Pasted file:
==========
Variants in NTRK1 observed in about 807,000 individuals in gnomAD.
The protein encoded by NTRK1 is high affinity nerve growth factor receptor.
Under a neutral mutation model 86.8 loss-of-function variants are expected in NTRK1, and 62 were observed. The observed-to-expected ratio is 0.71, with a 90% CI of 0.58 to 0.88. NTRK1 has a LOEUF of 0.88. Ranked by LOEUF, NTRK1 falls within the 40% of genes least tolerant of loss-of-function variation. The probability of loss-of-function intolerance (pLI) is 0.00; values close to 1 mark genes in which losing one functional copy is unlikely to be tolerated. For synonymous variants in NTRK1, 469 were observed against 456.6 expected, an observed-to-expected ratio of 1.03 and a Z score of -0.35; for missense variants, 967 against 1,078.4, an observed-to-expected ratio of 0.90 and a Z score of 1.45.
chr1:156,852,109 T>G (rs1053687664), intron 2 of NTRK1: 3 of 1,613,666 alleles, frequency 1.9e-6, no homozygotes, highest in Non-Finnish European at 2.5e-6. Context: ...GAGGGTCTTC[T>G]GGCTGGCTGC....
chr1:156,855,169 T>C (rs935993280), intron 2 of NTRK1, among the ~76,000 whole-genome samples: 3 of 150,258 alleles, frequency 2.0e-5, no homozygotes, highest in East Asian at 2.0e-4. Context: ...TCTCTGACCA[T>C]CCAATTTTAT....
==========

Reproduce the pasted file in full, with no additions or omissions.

Variants in NTRK1 observed in about 807,000 individuals in gnomAD.
The protein encoded by NTRK1 is high affinity nerve growth factor receptor.
Under a neutral mutation model 86.8 loss-of-function variants are expected in NTRK1, and 62 were observed. The observed-to-expected ratio is 0.71, with a 90% CI of 0.58 to 0.88. NTRK1 has a LOEUF of 0.88. Ranked by LOEUF, NTRK1 falls within the 40% of genes least tolerant of loss-of-function variation. The probability of loss-of-function intolerance (pLI) is 0.00; values close to 1 mark genes in which losing one functional copy is unlikely to be tolerated. For synonymous variants in NTRK1, 469 were observed against 456.6 expected, an observed-to-expected ratio of 1.03 and a Z score of -0.35; for missense variants, 967 against 1,078.4, an observed-to-expected ratio of 0.90 and a Z score of 1.45.
chr1:156,852,109 T>G (rs1053687664), intron 2 of NTRK1: 3 of 1,613,666 alleles, frequency 1.9e-6, no homozygotes, highest in Non-Finnish European at 2.5e-6. Context: ...GAGGGTCTTC[T>G]GGCTGGCTGC....
chr1:156,855,169 T>C (rs935993280), intron 2 of NTRK1, among the ~76,000 whole-genome samples: 3 of 150,258 alleles, frequency 2.0e-5, no homozygotes, highest in East Asian at 2.0e-4. Context: ...TCTCTGACCA[T>C]CCAATTTTAT....